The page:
On December 2017, Turkey has formally launched the construction of its first nuclear plant at Akkuyu following the issuance of a limited construction permit. The project is based on an intergovernmental agreement signed between Russia and Turkey in May 2010. JSC Akkuyu Nuklear, the Russian-owned company responsible for the project, expects to receive a construction permit in March. This will be the official start of the Akkuyu plant’s construction. The plant will have an installed capacity of 4,800 MWe and will have VVER-1200 reactor. Akkuyu nuclear power plant will be in operation for at least sixty years.
For now, Turkey does not have the ability to produce significant quantities of fissile material usable in a nuclear weapons programme. The TAEK has already begun to search for Uranium deposits in Turkey in order to avoid relying on imported Uranium to support the nuclear energy programme. Turkey is estimated to have just over 9,200 tonnes of Uranium in reserves but there is disagreement over whether this will be sufficient (Nuclear Energy Agency, International Atomic Energy Agency, and International Atomic Energy Agency, “Uranium 2016: Resources, Production and Demand“, 2016).
European intelligence sources said that Turkey has the technical capabilities to manufacture many of the components for gas-centrifuge Uranium enrichment programme, although, until now, Turkey has not given any hint that it has the intention of doing so.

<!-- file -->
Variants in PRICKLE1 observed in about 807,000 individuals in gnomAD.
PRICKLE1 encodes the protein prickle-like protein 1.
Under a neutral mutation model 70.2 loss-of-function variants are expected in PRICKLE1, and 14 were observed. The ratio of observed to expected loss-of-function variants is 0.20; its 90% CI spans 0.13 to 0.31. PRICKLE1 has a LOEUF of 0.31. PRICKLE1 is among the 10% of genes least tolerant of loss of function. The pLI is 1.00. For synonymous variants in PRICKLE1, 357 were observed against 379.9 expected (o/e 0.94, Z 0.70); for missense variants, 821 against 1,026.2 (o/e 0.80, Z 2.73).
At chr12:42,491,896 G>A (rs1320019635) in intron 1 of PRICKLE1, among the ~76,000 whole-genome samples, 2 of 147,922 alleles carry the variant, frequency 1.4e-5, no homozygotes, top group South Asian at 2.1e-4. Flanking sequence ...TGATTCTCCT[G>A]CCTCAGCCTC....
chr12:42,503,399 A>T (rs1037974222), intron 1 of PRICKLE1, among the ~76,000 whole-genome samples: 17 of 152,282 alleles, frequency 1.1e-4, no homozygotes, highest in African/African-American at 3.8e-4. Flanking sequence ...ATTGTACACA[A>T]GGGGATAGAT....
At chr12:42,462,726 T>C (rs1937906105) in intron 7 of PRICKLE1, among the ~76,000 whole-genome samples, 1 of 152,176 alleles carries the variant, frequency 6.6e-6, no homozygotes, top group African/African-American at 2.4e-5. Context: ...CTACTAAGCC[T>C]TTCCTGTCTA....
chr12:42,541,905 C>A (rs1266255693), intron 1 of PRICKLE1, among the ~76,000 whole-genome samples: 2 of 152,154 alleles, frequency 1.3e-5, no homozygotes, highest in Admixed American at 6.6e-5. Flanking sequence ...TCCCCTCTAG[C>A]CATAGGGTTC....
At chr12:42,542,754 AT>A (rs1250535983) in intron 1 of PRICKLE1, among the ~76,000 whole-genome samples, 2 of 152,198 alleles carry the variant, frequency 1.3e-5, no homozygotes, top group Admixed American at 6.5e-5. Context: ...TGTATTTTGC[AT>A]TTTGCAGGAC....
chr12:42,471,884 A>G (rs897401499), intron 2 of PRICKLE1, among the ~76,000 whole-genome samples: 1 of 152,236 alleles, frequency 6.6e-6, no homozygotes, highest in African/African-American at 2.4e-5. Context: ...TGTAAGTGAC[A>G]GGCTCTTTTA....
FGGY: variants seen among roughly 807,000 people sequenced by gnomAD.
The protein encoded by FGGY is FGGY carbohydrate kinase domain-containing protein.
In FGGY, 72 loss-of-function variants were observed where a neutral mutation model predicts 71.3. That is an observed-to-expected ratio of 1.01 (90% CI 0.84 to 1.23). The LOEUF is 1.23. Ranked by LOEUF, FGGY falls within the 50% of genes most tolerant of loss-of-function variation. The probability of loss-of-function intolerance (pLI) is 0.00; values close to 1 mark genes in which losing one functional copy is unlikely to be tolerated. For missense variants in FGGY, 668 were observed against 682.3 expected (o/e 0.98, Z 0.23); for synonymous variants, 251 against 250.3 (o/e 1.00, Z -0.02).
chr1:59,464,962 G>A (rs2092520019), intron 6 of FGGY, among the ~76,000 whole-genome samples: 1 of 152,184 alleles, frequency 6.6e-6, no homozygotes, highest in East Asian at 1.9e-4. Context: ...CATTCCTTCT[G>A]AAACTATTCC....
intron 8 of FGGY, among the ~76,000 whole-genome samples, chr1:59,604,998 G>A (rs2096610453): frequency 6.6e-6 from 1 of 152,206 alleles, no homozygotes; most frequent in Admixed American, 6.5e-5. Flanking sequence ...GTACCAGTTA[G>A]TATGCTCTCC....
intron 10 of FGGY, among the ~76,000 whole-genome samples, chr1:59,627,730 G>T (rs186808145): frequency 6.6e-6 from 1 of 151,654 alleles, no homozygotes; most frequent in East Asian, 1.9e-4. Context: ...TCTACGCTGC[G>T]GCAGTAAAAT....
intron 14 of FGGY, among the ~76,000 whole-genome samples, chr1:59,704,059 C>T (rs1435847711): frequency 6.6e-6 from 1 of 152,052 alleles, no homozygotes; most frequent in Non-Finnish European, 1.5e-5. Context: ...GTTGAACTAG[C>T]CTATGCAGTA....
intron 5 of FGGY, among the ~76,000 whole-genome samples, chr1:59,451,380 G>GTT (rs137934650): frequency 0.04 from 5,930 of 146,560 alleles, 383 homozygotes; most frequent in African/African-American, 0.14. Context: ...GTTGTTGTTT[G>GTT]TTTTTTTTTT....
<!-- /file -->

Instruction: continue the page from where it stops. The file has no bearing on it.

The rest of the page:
The risk is substantial that Turkey will seek advanced nuclear capabilities in order to have comparable power to Iran under ambitious nuclear energy plans laid by President Recep Tayyip Erdogan. Erdogan’s increasingly dictatorial actions increase the risk that Turkey will seek nuclear weapons capabilities – tools that Erdogan may find useful for consolidating power and augmenting Turkey’s regional power status. Turkey is also adamant about making its nuclear infrastructure as independent from foreign aid as possible, as soon as it has acquired the needed workforce and technology. Turkey’s interpretation of the Nuclear Non-Proliferation Treaty (NPT) as granting a “right to enrich” and its resistance to tightened Nuclear Suppliers Group (NSG) restrictions on transfers of enrichment and reprocessing technology are strong indicators of a desire to keep open the possibility of advanced fuel cycle development. Therefore, although official statements deny Turkish plans to acquire enrichment capabilities, NSG member states should block any attempts by Turkey to import technology that would support enrichment facilities and further destabilize the Middle East. National intelligence agencies should watch for any signs of illicit efforts by Turkey to procure these or weaponization knowledge and capabilities. — Sarah Burkhard et al., “Nuclear Infrastructure and Proliferation Risks of the United Arab Emirates, Turkey, and Egypt“, Institute for Science and International Security, 25 August 2017, p. 10.